The MSCI Emerging Markets Index rebounded from a one-year low, rising 0.3 percent, while MSCI’s Asia Pacific Index ended yesterday 0.6 percent lower. The regional benchmark is trading at a valuation of 11.5 times projected earnings, the cheapest level since November, data compiled by Bloomberg show.
The Chinese central bank’s statement came hours after Ling Tao, deputy director of the Shanghai branch of the PBOC, said officials will closely monitor the money-market rate and keep it at reasonable levels.
Ling is the first PBOC official to discuss publicly the increase in rates since a cash squeeze helped send the overnight repurchase rate to a record last week. Premier Li Keqiang is seeking to wring speculative lending out of the nation’s banking system after credit expansion outpaced economic growth.
Mark Mobius, who oversees $53 billion in emerging-market investments, said he has confidence in China’s central bank and is keeping his overweight position in the nation’s equities following a five-day tumble.
“We should be confident about what the government is doing and they are cleaning up the system,” Mobius, the executive chairman of Templeton Emerging Markets Group, said in a phone interview yesterday from Monaco. “We are looking to add to Chinese exposure if the price is right. If the price comes down substantially, we would.”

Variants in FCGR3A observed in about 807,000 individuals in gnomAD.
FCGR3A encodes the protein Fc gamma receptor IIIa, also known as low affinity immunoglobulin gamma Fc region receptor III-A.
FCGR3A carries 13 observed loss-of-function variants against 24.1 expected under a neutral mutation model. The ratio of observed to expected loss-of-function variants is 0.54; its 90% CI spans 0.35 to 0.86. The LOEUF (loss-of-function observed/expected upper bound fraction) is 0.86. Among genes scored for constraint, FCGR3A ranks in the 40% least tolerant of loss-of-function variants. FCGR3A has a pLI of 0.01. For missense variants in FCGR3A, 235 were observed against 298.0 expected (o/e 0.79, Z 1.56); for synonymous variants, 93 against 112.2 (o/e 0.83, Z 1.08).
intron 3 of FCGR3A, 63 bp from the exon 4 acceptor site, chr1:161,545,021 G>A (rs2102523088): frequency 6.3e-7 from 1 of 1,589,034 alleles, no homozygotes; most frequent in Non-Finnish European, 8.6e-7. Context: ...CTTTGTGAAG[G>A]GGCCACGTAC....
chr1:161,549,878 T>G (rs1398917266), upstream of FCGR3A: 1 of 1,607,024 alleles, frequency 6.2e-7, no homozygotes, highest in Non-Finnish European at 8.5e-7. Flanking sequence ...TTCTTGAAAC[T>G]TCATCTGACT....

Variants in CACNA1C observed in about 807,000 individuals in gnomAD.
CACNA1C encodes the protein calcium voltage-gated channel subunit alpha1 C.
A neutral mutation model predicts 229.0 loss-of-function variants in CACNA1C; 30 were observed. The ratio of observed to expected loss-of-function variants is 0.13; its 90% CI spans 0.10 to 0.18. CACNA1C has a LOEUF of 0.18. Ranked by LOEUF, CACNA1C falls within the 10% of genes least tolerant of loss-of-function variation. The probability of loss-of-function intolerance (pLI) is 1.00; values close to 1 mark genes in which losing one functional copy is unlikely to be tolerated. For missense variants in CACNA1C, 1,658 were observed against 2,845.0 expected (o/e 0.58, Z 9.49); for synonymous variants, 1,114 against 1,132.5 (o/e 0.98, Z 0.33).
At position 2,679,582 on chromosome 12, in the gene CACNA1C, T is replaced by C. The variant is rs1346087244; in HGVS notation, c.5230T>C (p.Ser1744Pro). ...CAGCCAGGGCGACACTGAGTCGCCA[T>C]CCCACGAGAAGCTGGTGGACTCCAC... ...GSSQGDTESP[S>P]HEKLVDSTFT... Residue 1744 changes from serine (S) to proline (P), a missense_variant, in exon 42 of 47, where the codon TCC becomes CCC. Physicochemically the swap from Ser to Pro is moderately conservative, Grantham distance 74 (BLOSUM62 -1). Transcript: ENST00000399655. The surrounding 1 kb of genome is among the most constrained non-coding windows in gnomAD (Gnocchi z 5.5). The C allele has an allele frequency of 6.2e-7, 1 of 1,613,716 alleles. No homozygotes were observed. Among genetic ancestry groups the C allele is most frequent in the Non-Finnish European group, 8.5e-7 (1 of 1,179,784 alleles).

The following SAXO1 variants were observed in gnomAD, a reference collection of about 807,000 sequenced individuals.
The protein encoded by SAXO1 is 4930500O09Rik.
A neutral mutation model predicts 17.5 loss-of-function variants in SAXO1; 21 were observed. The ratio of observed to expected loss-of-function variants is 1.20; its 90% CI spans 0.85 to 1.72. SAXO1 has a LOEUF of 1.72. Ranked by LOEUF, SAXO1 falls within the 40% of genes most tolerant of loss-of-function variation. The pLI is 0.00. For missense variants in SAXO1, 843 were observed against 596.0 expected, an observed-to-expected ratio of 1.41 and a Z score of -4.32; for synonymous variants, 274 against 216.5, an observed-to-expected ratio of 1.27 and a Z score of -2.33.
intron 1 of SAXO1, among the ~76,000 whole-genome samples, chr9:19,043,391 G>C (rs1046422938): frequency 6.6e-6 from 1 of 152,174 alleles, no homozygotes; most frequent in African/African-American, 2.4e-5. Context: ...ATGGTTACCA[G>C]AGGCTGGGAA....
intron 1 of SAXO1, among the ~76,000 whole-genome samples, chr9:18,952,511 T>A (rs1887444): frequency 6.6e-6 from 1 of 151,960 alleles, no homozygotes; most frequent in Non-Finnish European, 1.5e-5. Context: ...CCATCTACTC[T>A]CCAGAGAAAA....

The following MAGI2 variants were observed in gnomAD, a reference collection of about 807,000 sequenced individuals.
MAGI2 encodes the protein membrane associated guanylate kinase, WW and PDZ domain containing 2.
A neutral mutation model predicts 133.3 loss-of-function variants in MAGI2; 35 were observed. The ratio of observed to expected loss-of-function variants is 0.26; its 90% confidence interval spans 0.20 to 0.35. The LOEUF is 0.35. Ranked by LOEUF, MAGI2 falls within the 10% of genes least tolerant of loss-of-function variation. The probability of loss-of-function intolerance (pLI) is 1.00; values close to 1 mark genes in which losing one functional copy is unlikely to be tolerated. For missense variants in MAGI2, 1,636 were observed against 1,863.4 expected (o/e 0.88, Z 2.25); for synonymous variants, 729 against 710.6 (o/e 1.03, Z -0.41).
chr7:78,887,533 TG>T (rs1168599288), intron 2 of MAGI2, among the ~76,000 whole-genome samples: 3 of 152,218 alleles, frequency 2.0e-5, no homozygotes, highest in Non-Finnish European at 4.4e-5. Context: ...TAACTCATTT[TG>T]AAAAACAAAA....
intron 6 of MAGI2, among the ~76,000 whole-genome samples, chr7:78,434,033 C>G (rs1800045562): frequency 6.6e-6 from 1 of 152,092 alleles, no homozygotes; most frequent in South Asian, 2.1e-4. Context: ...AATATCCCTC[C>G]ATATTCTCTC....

Yields on 10-year U.S. Treasuries climbed from a record-low 1.379 percent set July 25, 2012 to 2.6 percent in New York. The five-year average is 2.75 percent. Volatility in Treasuries as measured by the Bank of America Merrill Lynch MOVE index climbed to 110.98 June 24, the most since November 2011. The daily average this year is 61.54.
Volatility in currencies has surged since the Fed signaled June 19 that it may start reducing stimulus this year and stop the quantitative easing program in 2014. JPMorgan Chase & Co.’s Group of Seven Volatility Index, based on currency option premiums, was at 11.52 percent yesterday after rising to 11.96 percent June 24, the highest level since January 2012.
The yen weakened 0.4 percent to 98.16 per dollar and lost 0.3 percent to 128.34 against the euro. The Dollar Index, which measures the U.S. currency against six major peers, climbed for a fifth day, rallying 0.2 percent yesterday. The Australian dollar was little changed at 92.57 U.S. cents, while New Zealand’s currency was steady at 77.37 cents.
Crude declined 0.2 percent to $95.17 a barrel, after rising 0.2 percent yesterday. Copper futures fell 0.3 percent, and platinum and palladium prices also declined. Gold was little changed at $1,275.90 an ounce after retreating 0.2 percent yesterday. Morgan Stanley joined banks including Goldman Sachs Group Inc. and UBS AG in lowering its forecasts for gold on prospects the Fed will scale back monetary stimulus and as the U.S. economic recovery dims the precious metal’s appeal as a safe haven.
Orange juice futures for September delivery sank 4.4 percent in U.S. hours, the biggest decline for a most-active contract since March 1 and headed for the biggest monthly slump in more than a year on signs of slowing demand in the U.S.